Warren County Local History by Dallas Bogan
|Dallas Bogan on 10 August 2004|
|original article by Dallas Bogan|
|Return to Index to see a list of other articles by Dallas Bogan|
A few minutes before 4 o'clock, Tuesday afternoon, July 15, 1890, an explosion
of great magnitude rocked the area of King's Mills, which was felt in many directions
of Warren County.
The explosion was considered the scene of the worst disaster in the history of the county up to that time. Lebanon residents were affected by a dull shock, which resembled an earthquake or a tremendous explosion.
Immediately dense clouds of black smoke began to rise in the direction of King's Mills and all knew that a terrific blast had taken place. Smaller explosions were soon infiltrated into the scene.
It was an impossibility for Lebanonites to gain word from the area because the telegraph lines were destroyed. Consequently, a long string of buggies and hacks were seen leaving the Lebanon area and heading toward the mill.
The station stood across the Little Miami River on the railroad side. It was the office of the powder company and consisted of a large two-story house, which housed the loaded shells.
Surrounding the station were a dozen little houses where employees and the workers lived with their families.
In an instant all these houses were diminished to a smoking and blazing mass of ruins.
The immediate area of the explosion was the railroad track, which ran close to these buildings. Two cars, which were loaded and ready for shipment with one thousand kegs of powder, were being coupled up to a local freight train.
William Franey, a young man from Corwin, who had only been railroading for a few days, was doing the coupling. The grade of the track was unusually steep and it was assumed that the brakes of the engine did not work as well as had been expected.
The freight coupled into the powder cars with excessive speed and caused a powder keg to explode. A tremendous explosion followed and both cars blew up simultaneously with great force.
Powder cans in the cartridge house just a short distance away began to explode and the building collapsed with a great crash.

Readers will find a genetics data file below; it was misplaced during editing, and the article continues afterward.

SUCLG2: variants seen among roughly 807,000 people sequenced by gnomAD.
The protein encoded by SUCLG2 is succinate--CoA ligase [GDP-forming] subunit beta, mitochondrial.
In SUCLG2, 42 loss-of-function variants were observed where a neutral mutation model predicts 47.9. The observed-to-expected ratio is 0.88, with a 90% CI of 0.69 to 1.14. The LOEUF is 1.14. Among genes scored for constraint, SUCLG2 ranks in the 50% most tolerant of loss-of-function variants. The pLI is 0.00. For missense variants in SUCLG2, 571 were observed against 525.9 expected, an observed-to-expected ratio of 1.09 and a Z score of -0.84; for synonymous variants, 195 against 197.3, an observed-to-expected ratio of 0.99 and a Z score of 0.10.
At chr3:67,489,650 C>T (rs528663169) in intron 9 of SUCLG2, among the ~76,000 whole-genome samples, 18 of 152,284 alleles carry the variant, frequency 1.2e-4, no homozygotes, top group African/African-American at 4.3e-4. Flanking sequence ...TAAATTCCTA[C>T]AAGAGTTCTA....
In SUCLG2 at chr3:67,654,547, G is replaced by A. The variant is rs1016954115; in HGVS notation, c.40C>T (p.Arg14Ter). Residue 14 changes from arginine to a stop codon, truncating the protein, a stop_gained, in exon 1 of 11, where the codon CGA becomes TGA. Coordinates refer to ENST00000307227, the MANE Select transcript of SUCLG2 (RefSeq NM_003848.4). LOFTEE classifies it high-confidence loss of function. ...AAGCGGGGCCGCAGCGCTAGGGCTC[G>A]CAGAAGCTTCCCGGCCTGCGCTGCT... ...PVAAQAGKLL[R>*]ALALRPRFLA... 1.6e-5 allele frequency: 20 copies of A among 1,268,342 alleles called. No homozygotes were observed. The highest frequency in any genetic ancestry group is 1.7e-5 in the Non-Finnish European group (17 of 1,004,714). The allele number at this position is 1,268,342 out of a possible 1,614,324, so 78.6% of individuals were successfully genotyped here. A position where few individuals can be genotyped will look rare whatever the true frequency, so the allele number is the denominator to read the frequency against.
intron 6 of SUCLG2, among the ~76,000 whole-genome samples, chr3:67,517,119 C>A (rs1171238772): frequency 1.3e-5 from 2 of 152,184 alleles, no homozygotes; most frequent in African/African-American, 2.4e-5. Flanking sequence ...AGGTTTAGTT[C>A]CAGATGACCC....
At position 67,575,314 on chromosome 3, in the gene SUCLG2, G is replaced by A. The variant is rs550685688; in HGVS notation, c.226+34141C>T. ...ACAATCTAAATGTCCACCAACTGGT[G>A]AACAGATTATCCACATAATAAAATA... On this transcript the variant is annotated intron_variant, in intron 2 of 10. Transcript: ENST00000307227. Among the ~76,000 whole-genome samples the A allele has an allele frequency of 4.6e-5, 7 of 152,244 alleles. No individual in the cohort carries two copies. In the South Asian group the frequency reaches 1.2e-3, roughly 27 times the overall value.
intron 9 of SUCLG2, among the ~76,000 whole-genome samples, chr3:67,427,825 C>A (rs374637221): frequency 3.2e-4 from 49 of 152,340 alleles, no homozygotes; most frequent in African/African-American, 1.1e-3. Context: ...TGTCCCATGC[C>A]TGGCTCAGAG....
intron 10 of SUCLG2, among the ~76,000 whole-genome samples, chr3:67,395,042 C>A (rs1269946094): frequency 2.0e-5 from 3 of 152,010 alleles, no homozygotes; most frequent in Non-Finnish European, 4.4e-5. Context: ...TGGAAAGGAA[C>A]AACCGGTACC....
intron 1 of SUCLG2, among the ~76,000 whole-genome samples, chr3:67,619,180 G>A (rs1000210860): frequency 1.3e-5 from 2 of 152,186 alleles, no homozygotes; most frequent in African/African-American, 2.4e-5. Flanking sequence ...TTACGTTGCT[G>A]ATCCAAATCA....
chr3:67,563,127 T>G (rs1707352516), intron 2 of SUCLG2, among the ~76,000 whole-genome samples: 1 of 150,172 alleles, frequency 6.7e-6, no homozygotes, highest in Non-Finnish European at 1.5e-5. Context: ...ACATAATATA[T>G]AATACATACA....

Thirty-five girls were at work in the building, but none of them were killed. Many of them leaped from the second story window and some slid down a rope. Some of the girls were found in the woods the next day.
One lady related her experience: "We heard the awful noise, then everything turned black. I saw the timbers start to fall and we all ran out. I think all the girls escaped but many of them fainted and had to be carried. My father was near the house at the time and he, together with some other men, ran in to help us girls. I don't think any of them ever got out and my father I know is dead."
Grief overcame the girl as she wrapped her face in her bloody arms.
Her father, Henry Reynolds, indeed had perished in his heroic efforts to save the helpless girls. His only means of identification was the peculiar suspenders he was known to wear.
Men and women alike were searching for survivors. James Moss stood on the iron bridge and as he watched the charred timbers and debris floating down the river, he prayed God that he might follow his wife and little child who had gone with the first explosion to their last home.
The wind had changed and was blowing straight up the ravine carrying the flames toward the magazine where there was stored three months' output of powder, about fifty tons total.
Orders were given to evacuate the entire vicinity. Fortunately, the wind changed to another direction and the newly found dangers were averted.
Heroism and acts of mercy were very noticeable. The cottages on the west side of the river were soon set up as hospitals and all possible comforts were given to the wounded men and women.
Doctors were summoned from all parts of the county. Drs. Tichenor, Frost, Drake, Graham and Blair, all of Lebanon, hurried in buggies to assist in any way they could.
The fatalities from the explosion were: Mrs. Fred Keller and two children, Mrs. Moss and one child, Henry Reynolds, Sam Stephenson, Al Williams and William Franey.
Twenty-four hours after the explosion word came from the factory that the trains were again running and the work of repair was being pushed rapidly. All danger of the magazine exploding was now passed and the works would be in running order again in a few days.
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This page created 10 August 2004 and last updated
28 September, 2008
© 2004 Arne H Trelvik All rights reserved